Here in the 21st century, we live in a time that is deeply preoccupied with self-identity, with the claiming and casting off of labels. Obsessed with finding the right words to define our our own place in the world, we are more used to viewing language as a point of difference—with our separate vocabularies marking us as belonging (or not belonging) to any number of cultural, ethnic, and social groups.
And yet, language can also be a place of unity, a chance for celebration—as poet Daniel García Ordaz so beautifully demonstrates in his collection “You Know What I’m Sayin’?” Throughout the course of this linguistically rich book, García Ordaz acknowledges the realities of historical prejudices, and the struggles of claiming an often marginalized cultural identity; and yet, these poems never come from a place of bitterness or anger. This collection of poetry and drama is, at its heart, a joyous celebration: of our differences and our pasts, as well as our future and the things that bring us together—as Americans, and as humans. Here, language is a point of shared humanity.
The poet invites us in with an combination of hip-hop beat and rhythm, refrain and repetition—creating an enticing flow that kept me turning the pages and, more often than not, reading the poems out loud to myself. These are poems that beg to be heard, not just viewed on the page. Pieces like “Jazz Beat” and “Los Mariachis” pull in a vibrancy of sound, onomatopoeia, and music. The language weaves between English and Spanish, with dips into African-American and Chicano dialect. Yet even knowing very little Spanish myself, I never felt misplaced by the unfamiliar vocabulary. To the contrary: it felt like an invitation to simply enjoy the sound, the feel, the movement of language—all language.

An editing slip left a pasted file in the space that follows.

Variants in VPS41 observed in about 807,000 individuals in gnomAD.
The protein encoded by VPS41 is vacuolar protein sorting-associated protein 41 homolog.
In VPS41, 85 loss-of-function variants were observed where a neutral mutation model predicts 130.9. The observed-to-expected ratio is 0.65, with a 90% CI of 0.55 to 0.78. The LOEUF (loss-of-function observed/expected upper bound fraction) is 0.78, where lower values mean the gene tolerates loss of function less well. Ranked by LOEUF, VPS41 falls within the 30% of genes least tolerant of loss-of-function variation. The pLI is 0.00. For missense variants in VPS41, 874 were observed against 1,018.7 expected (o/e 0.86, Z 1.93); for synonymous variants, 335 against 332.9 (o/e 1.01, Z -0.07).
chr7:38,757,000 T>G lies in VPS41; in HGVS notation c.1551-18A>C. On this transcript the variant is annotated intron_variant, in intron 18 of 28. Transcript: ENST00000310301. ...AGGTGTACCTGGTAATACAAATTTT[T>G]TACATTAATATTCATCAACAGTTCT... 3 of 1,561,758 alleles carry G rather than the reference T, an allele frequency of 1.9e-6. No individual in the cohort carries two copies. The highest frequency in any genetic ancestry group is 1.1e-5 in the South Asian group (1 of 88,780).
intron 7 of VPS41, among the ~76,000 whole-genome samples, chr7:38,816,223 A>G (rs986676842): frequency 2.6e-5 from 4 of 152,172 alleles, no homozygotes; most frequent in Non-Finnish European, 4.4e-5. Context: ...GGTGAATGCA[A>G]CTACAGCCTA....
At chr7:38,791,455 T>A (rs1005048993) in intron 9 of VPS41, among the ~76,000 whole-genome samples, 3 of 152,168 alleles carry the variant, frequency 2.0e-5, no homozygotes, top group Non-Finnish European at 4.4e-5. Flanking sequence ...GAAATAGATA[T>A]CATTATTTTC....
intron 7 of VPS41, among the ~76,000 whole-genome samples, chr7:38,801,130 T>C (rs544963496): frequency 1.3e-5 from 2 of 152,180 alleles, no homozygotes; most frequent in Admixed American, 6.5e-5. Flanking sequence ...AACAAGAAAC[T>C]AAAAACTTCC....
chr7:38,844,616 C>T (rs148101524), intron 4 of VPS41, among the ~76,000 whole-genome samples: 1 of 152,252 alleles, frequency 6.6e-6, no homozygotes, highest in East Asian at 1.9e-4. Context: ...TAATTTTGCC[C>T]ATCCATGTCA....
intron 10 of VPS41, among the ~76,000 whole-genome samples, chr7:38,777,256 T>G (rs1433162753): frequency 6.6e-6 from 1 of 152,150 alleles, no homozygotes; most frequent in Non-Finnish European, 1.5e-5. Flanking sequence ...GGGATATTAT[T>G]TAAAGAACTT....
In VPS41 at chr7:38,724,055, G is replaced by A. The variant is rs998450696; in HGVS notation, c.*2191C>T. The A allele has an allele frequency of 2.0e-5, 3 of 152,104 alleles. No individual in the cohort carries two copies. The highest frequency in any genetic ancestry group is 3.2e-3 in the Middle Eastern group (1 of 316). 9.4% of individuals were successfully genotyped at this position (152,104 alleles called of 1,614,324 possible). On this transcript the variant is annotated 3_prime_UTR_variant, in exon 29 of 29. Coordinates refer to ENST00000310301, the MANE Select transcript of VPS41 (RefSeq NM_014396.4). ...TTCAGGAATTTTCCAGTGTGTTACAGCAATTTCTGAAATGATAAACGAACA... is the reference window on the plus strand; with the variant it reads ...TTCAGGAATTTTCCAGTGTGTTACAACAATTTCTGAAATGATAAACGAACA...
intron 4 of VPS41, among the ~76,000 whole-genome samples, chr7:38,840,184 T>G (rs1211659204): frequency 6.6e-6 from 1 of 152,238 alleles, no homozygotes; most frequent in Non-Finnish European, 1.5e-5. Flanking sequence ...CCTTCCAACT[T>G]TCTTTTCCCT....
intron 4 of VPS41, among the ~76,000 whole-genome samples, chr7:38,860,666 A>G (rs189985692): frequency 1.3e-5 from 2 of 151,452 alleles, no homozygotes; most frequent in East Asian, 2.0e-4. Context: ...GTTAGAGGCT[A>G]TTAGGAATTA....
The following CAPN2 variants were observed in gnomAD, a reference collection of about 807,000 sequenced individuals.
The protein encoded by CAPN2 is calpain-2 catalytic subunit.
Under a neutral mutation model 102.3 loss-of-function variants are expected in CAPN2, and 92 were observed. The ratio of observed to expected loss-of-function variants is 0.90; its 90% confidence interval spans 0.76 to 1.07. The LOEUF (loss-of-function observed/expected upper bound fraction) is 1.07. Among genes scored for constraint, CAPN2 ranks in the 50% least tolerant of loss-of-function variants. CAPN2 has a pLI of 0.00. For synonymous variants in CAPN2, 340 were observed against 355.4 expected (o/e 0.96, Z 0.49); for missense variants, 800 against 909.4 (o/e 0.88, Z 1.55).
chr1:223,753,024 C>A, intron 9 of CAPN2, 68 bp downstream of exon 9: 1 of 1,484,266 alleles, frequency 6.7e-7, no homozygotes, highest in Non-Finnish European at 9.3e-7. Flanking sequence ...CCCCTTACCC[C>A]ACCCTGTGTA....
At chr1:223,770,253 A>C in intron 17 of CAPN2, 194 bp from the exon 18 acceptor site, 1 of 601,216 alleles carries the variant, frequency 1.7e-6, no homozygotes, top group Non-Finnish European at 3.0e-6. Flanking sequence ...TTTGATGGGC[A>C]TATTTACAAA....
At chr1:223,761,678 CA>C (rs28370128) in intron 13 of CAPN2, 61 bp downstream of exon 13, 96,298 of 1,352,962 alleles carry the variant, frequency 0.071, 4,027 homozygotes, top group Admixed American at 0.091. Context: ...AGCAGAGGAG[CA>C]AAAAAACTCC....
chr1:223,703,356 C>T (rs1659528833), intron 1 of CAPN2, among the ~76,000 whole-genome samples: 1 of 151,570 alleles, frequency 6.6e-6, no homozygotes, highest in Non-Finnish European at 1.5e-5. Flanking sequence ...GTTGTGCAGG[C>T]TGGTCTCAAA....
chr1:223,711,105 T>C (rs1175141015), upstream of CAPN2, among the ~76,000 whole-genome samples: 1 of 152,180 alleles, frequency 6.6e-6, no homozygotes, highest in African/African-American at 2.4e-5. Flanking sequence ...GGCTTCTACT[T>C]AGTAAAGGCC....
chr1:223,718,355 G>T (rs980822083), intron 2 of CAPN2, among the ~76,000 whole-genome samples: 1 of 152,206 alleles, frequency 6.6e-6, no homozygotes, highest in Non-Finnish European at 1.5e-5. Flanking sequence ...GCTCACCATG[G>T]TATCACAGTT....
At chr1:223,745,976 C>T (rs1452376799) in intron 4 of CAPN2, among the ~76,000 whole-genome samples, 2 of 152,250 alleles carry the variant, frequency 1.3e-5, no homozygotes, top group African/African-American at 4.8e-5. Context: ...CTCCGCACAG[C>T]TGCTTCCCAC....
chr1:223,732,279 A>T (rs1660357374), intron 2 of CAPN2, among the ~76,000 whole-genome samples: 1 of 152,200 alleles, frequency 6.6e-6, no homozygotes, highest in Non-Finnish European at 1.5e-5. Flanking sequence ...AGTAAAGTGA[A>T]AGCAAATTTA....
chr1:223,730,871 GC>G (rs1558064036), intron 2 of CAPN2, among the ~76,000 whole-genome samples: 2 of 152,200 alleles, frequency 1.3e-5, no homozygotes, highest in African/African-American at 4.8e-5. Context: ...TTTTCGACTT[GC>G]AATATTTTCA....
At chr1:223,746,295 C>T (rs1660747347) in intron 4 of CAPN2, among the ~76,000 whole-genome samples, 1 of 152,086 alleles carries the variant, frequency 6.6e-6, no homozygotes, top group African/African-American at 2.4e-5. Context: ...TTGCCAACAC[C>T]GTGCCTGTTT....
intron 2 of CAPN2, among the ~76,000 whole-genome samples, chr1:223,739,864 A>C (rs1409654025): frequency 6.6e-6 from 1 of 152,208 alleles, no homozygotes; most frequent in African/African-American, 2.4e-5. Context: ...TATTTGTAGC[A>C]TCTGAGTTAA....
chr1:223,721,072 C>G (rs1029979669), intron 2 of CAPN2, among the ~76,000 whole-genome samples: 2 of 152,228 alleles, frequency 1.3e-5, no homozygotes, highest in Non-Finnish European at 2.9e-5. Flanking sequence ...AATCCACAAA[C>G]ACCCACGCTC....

Ultimately, this book is a smiling celebration of common experience within linguistic diversity, and all the opportunity of language—not just as it is written, but how it is spoken and shared. As the poet writes in the collection’s title piece:
“The spoken word is about passion And silliness and truth. It’s about getting to the root of what’s inside. It’s about showing all the things you hide...”
is the author of You Know What I'm Sayin'? (El Zarape Press, 2011); he is a former journalist, and presently is a teacher and poet, a founder of Art That Heals, Inc., and the Rio Grande Valley International Poetry Festival.
He's been called " . . . the voice of the Rio Grande Valley . . . ."